Monday, February 27, 2012
Whilst it's not too hard to gather stats on the performance of older computing devices, in this blog post you won't find any numbers to do with clock rates, or storage sizes. I'm talking about how performance feels.
Mumble-mumble years ago I worked on minicomputers. They were about the size of a two drawer filing cabinet. To anyone under 40 it must sound strange to call such a beast a "mini" computer. However in those days non-mini computers were as big as chest freezers or bigger. PCs were around, but weren't very powerful. They had just grown out of being hobby computers and appearing in offices. However the computer systems we worked on needed proper powerful computers.
Then one day I came across "Linux" on an internal mailing list. Someone had installed a Unix variation on a PC. For me Unix was the OS on the PDP-11 I used at University. I had no idea what it looked like, and in my mental pictures of it it still used tape for main storage. I used Unix on an NCR computer at my year out job at York Health Authority - it had 16 terminal ports and we didn't stretch it too much, apart from the odd complicated SQL query.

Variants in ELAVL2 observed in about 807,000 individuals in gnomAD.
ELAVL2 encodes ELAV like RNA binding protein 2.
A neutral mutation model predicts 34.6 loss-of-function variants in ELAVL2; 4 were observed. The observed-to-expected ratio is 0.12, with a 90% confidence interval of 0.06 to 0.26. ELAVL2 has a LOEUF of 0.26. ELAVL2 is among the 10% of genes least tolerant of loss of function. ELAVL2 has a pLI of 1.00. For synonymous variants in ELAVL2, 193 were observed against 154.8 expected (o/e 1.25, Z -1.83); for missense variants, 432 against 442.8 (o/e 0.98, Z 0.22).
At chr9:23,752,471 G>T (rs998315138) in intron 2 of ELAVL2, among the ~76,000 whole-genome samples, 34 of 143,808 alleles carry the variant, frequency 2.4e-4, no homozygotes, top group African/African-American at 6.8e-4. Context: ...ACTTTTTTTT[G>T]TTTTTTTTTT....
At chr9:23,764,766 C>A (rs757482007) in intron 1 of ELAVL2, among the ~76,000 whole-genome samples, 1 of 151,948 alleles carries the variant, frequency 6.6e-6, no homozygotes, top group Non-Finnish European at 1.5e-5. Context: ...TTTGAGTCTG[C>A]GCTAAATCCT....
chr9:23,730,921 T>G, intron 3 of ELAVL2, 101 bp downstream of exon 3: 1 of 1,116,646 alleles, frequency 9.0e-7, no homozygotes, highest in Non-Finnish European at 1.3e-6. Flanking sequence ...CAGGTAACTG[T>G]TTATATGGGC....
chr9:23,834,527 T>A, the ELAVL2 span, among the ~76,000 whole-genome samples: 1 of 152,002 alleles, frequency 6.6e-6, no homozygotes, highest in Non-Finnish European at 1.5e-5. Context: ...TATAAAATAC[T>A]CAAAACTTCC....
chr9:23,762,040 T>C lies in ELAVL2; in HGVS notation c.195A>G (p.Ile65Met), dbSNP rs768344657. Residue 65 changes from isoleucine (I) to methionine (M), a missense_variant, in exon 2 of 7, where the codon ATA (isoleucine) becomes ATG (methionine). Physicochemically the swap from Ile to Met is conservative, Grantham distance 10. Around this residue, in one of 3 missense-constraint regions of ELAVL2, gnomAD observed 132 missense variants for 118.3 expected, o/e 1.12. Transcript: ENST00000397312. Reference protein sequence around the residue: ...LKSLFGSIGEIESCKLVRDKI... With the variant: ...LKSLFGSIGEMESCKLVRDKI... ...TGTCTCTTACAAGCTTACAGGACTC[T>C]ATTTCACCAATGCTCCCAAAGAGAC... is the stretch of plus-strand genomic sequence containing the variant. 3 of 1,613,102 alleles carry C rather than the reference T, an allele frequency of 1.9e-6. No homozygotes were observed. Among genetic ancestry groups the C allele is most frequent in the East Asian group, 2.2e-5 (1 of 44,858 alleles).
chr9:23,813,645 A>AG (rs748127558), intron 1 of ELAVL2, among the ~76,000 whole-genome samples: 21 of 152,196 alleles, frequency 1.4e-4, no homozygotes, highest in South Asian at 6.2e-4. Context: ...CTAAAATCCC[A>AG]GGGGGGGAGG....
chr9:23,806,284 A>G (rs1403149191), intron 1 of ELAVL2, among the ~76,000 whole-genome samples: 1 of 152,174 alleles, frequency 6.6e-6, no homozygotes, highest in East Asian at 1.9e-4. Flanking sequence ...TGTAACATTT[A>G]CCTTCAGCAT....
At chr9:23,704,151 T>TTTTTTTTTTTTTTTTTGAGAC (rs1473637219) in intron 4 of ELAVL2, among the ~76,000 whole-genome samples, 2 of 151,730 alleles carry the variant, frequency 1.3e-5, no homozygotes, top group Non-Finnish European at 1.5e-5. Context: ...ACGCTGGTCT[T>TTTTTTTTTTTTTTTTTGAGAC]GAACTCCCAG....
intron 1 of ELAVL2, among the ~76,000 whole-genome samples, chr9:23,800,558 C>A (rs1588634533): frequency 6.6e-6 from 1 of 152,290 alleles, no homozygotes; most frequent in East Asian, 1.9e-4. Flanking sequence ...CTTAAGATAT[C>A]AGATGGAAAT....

My experience of using a PC for "proper" computing stuff was trying to get it to work as an X-windows terminal. It was incredibly slow and I spent more time that I wanted to really trying to get it to not double refresh windows.
So the idea of running a grown up OS like Unix on a little PC was very strange. Time passed and a few years later Linux came to be the thing you ran on older PC hardware as it had better performance than Windows. In that time too Windows started to get grown-up with Windows NT which ran well on a dual P-90 workstation.
Time continued passing and one of my sons got an Android phone and there, as it started up, at the top of the screen were the familiar messages of a Unix-like OS starting up...
This is the first post I'm tagging nostalgia, though I need to tag at least one or two others.